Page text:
Due to the more acute nose down attitude of a turboprop on approach, does this make it less difficult to control compared to the relatively high nose up attitude of a jet?

  • $\begingroup$ If I am not mistaken, the nose-down landing approach on turboprops has more to do with the high wing (and high position of the engines) seen on most western turboprops, than the engine type itself. I remember landing as a passenger in a Lufthansa BAe 146/Avro RJ85 jet, and the approach was definitely nose-down. $\endgroup$
    Jul 20 '15 at 17:11
  • $\begingroup$ You should watch a CRJ-200 land sometime... $\endgroup$
    – casey
    Jul 20 '15 at 17:26
  • $\begingroup$ @casey I may well do that - Iberia has a few. Nose-down, as you say. $\endgroup$
    Jul 20 '15 at 20:45
  • 1
    $\begingroup$ I find the heading and the question in the body a bit confusing. The heading seems to be about nose-up attitude of a jet, whereas the body seems to be about the nose-down attitude of a turboprop -- at least at first sight. So, I am going to edit the question make it less of a brain-twister. Hope you think it is ok. $\endgroup$ Oct 5 '15 at 16:28

You're asking, I think, two questions. The first in the title is very general; the second in the text relates to control as affected by aircraft pitch on the approach. The answers to both are going to be somewhat opinion based as well as depending on which turboprops and which jets you're talking about.

My thoughts are based on the following turboprops: King Air A90, Swearingen SA-226 and 227, Fokker F-27; and on the following jets: Cessna Citation 500, Boeing 727-100, and Boeing 747-100/200.

In my opinion, there is no general practical difference in the difficulty or ease of approaches and landings based on whether you're in a turboprop or a jet or what your pitch angle on the approach is. Some might say that a nose down attitude is going to give you better visibility. However, I never found that lack of visibility over the nose was a problem.

There are differences in the characteristics of turboprops and jets that make the one or the other the better approach and landing vehicle in certain circumstances. For example, if you need a quick descent, you can flatten out the pitch of a turboprop and get a lot of drag, more if you move into beta. For jets, the engines are always going to be producing some forward thrust (although I seem to remember the DC-8 allowed idle reverse in flight).

If you have a crosswind, the heavier the aircraft and the higher the landing speed, the easier it will be to handle the cross wind, and transport category jets in general are heavier than turboprops. Also, in a crosswind, a high wing is considered a liability, and there are a lot of high wing turboprops.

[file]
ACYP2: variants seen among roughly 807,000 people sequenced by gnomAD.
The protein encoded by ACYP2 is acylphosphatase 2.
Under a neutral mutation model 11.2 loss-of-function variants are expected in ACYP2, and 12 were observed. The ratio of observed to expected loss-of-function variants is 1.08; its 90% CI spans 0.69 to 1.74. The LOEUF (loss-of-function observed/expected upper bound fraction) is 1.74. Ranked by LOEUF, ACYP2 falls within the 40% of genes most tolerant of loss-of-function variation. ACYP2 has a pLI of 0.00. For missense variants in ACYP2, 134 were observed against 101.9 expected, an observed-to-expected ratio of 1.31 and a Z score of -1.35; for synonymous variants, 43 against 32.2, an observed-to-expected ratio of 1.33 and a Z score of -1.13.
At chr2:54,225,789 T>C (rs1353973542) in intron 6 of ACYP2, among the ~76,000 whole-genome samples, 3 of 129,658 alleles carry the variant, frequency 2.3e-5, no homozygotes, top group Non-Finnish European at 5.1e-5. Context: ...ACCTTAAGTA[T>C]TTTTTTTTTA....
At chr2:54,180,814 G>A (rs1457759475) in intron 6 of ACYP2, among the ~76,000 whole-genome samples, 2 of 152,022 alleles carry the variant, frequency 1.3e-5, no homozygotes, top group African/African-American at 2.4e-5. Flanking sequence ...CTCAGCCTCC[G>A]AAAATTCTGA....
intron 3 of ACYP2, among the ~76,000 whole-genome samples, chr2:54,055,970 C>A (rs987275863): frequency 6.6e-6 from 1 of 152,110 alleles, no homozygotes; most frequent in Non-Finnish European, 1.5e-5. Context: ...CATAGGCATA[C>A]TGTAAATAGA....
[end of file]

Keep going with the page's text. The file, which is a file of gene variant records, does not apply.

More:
I guess what I'm saying is that individual aircraft and circumstances outweigh differences between turboprops and jets insofar as approach and landing is concerned.

The hardest and easiest aircraft I flew insofar as getting a good touchdown were both jets: the hardest being the 727-100 and easiest the 747.

The most flexible insofar as the approach was concerned were the SA-226/227. You could fly the approach clean at near-jet speeds and then slow down very quickly on short final. KSFO controllers back in the 1980s used to appreciate our ability to fit in. Or they could bring us in on a close-in downwind and then have us dump it for a well-timed turn to base and then a very short final.

---------- Edit for additional information

@JanHudec pointed out that turboprops have a faster response to power changes than jets. That's true, though in day to day flying, you plan for what you have. Obviously, though, in an emergency situation that required additional power, the turboprop would enjoy the advantage.

The difference in response to adding power is not as great as it used to be. As I remember, when the 727 first came out, there were a couple of incidences of 727s touching down slightly short of the runway because of the time required for the engines to spool up. The figure that sticks in my mind is that for those first engines, the time from full idle to full power was 7 seconds. Boeing fixed the problem by putting in a flight idle and a ground idle. The flight idle kept the engines spooled significantly higher than the ground idle. That involved no change to where you placed the thrust levers. You brought them all the way back. If you were still in the air, that wouldn't spool the engines all the way to full idle.

The 747 engines reacted very quickly, much more so than the 727 even with the flight idle setting. I remember two instances in the 747 in heavy gusting crosswinds where I used a lot of power at the last moment. In the 727 those touchdowns might have been a lot harder? In a turboprop maybe a little less hard?

  • $\begingroup$ Jet engines are known to respond to thrust setting changes rather slowly while turboprops respond practically instantaneously. Does it make make no difference in practice? $\endgroup$
    – Jan Hudec
    Jul 20 '15 at 20:39
  • $\begingroup$ @JanHudec Good point! I'll edit that into my answer. Personally, I never had that make a difference, but I can certainly see where it could. $\endgroup$
    – Terry
    Jul 20 '15 at 21:44
  • $\begingroup$ Turboprops have unswept wings of a higher aspect ratio than jets. This makes their lift curve slope steeper, so the pitch difference between cruise and touch-down is smaller for turboprops than for jets. $\endgroup$ Jul 21 '15 at 16:28

Your Answer

By clicking “Post Your Answer”, you agree to our terms of service, privacy policy and cookie policy

Not the answer you're looking for? Browse other questions tagged or ask your own question.